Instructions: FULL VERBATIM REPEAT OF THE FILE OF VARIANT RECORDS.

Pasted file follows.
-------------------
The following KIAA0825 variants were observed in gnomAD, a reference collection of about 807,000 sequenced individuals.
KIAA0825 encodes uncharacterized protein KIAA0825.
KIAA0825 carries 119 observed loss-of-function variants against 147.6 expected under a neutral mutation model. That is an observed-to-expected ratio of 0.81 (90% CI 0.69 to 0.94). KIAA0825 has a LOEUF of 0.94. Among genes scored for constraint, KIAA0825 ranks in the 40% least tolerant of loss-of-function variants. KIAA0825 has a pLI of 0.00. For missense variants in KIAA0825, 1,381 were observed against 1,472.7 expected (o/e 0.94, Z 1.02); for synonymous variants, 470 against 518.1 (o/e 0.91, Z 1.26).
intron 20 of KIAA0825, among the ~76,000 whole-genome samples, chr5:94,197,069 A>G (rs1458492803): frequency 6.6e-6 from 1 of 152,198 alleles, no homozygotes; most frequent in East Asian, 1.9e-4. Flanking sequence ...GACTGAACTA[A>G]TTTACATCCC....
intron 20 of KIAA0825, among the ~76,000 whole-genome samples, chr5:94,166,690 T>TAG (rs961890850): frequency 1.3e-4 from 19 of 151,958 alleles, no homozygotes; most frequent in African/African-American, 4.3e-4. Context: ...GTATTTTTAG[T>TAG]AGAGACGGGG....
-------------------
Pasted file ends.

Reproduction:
The following KIAA0825 variants were observed in gnomAD, a reference collection of about 807,000 sequenced individuals.
KIAA0825 encodes uncharacterized protein KIAA0825.
KIAA0825 carries 119 observed loss-of-function variants against 147.6 expected under a neutral mutation model. That is an observed-to-expected ratio of 0.81 (90% CI 0.69 to 0.94). KIAA0825 has a LOEUF of 0.94. Among genes scored for constraint, KIAA0825 ranks in the 40% least tolerant of loss-of-function variants. KIAA0825 has a pLI of 0.00. For missense variants in KIAA0825, 1,381 were observed against 1,472.7 expected (o/e 0.94, Z 1.02); for synonymous variants, 470 against 518.1 (o/e 0.91, Z 1.26).
intron 20 of KIAA0825, among the ~76,000 whole-genome samples, chr5:94,197,069 A>G (rs1458492803): frequency 6.6e-6 from 1 of 152,198 alleles, no homozygotes; most frequent in East Asian, 1.9e-4. Flanking sequence ...GACTGAACTA[A>G]TTTACATCCC....
intron 20 of KIAA0825, among the ~76,000 whole-genome samples, chr5:94,166,690 T>TAG (rs961890850): frequency 1.3e-4 from 19 of 151,958 alleles, no homozygotes; most frequent in African/African-American, 4.3e-4. Context: ...GTATTTTTAG[T>TAG]AGAGACGGGG....